- Any provision which would limit interest on late progress payments to an amount less than the rate of interest on judgments of the Supreme Court.
*** What happens if the payment schedule is not served within 10 business days?
Until this point the Act's procedures remain the same. However they now diverge based on whether the respondent has or has not provided a valid payment schedule to the claimant.
The respondent who fails to provide a payment schedule must be given a second opportunity to provide one. If they fail a second time, the Act effectively punishes the respondent by denying them the right to participate in the adjudication process. This results in the two different procedures.
- Procedure 1 - Respondent serves a valid payment schedule within 10 business days after receipt of the claimant's payment claim
A valid payment schedule has been served when a claimant provides a payment claim to a respondent and the respondent provides the claimant with a payment schedule within 10 business days of receipt of the payment claim. (Note: Service by the respondent of a payment schedule after 10 business days renders the payment schedule invalid - go to procedure 2).
The claimant seeks adjudication because either there is a dispute over the respondent's reasons for withholding some or all of the claimed amount; or the claimant has accepted the payment schedule but the respondent fails to pay the scheduled amount by the due date of payment. The blue shaded background of the flowchart describes how to proceed in these circumstances.
- Procedure 2 - Respondent does NOT serve a valid payment schedule within 10 business days after receipt of the claimant's payment claim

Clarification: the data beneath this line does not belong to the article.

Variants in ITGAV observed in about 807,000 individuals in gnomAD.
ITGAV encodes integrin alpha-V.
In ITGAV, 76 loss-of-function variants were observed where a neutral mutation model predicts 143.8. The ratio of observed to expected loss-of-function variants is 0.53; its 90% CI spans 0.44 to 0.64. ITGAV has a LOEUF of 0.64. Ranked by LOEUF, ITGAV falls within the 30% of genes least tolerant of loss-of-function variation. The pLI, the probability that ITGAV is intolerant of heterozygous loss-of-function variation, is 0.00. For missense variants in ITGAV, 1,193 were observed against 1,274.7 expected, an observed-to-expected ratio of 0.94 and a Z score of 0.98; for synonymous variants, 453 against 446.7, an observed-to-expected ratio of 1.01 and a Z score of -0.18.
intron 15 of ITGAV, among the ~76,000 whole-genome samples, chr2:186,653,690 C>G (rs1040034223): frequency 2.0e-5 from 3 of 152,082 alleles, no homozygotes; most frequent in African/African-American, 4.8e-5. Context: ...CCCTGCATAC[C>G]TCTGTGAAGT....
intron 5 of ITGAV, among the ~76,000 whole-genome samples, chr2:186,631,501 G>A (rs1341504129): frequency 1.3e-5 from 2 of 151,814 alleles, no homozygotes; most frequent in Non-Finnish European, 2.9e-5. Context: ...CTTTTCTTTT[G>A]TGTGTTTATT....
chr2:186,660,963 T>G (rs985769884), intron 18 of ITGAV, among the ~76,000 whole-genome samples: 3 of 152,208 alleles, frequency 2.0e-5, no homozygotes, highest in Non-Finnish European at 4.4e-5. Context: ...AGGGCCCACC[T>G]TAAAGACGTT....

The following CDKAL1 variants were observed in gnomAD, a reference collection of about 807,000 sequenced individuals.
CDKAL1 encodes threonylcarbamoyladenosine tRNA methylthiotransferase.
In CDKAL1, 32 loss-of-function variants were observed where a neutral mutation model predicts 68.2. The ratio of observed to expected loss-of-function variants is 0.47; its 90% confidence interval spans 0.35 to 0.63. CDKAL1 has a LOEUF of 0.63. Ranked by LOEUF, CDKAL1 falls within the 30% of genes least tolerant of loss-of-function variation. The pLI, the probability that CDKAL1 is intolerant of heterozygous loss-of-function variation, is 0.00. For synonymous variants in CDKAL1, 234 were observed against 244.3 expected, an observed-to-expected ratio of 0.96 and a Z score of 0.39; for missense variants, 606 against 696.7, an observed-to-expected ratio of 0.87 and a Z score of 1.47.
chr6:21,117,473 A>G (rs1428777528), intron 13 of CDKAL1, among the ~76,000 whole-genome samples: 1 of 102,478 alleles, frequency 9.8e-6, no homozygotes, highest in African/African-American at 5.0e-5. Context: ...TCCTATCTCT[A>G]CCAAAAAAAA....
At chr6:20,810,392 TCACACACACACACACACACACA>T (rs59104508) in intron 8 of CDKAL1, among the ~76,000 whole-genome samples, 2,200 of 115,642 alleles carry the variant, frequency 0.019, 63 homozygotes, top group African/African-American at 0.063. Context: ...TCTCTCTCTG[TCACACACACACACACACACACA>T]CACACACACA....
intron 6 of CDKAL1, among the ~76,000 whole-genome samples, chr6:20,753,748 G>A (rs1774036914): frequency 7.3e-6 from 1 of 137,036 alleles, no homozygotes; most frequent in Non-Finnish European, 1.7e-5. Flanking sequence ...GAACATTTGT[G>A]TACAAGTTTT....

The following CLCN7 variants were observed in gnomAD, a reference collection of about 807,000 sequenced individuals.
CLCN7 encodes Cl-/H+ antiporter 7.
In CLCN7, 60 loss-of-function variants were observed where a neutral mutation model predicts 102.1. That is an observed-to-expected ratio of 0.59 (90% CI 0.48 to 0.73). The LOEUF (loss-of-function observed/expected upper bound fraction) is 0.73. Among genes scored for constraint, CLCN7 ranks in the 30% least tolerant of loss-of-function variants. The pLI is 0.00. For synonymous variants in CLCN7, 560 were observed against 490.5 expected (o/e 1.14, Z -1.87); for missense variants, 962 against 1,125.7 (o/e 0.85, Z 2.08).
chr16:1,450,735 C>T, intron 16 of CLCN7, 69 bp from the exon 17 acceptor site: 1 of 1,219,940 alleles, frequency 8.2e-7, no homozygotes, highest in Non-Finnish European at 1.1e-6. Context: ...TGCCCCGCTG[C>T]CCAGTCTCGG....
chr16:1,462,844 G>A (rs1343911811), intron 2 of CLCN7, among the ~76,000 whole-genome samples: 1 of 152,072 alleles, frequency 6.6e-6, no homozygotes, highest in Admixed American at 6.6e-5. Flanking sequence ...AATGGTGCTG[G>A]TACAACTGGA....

When a respondent fails to serve a valid payment schedule within 10 business days after receipt of the claimant's payment claim, the Act requires the claimant send the respondent a notice under section 19(2). The effect of this notice is to provide the respondent with a second opportunity to serve the claimant with a payment schedule; however within the shorter period of 5 business days. Once the claimant serves the section 19(2) notice, there are two mutually exclusive possibilities. Either the respondent serves or does not serve a valid payment schedule within 5 business days after receipt of the claimant's notice. The pink shaded background of the flowchart describes both the procedures and time frames of serving the section 19(2) notice and how to proceed to adjudication if the respondent again fails to issue a valid payment schedule or the claimant does not agree with the payment schedule.
Parties must comply with the statutory procedures and time frames of the Act. Failure to comply may have serious consequences. Some examples of common errors which can't be corrected by either Adjudicate Today or the adjudicator:
- The respondent provides the payment schedule after 10 business days (e.g. day 11). As it is invalid, the claimant must serve the section 19(2) notice and the respondent must provide (again) the payment schedule (within 5 business days).
- The claimant prepares and serves the adjudication application after 10 business days (e.g. business day 11) of receipt of a valid payment schedule. As the statutory time has passed, the payment claim has expired and the application can't proceed.
- The claimant prepares and serves an adjudication application on Adjudicate Today and/or the respondent prior to the expiry of the 5 business days permitted to a respondent under section 19(2). The application is invalid as it has been served early. The claimant should have waited the elapse of the fifth business day. The application may be served again after the fifth business day and before the twentieth business day expires.
The lesson from each of these examples is to count business days carefully, remembering that the first business day is the first day after service (excluding Saturday, Sunday, public holidays and all days between Christmas and New Year) i.e. the day of service is day 0.
Based on your actual circumstances, our professional staff are available to advise on how to comply with each statutory step and the calculation of dates under the Act.
Please move to the next step on the A.C.T. flowchart by selecting either "Respondent serves a Payment Schedule within time" or "Respondent FAILS to serve a Payment Schedule within time" depending on the circumstances.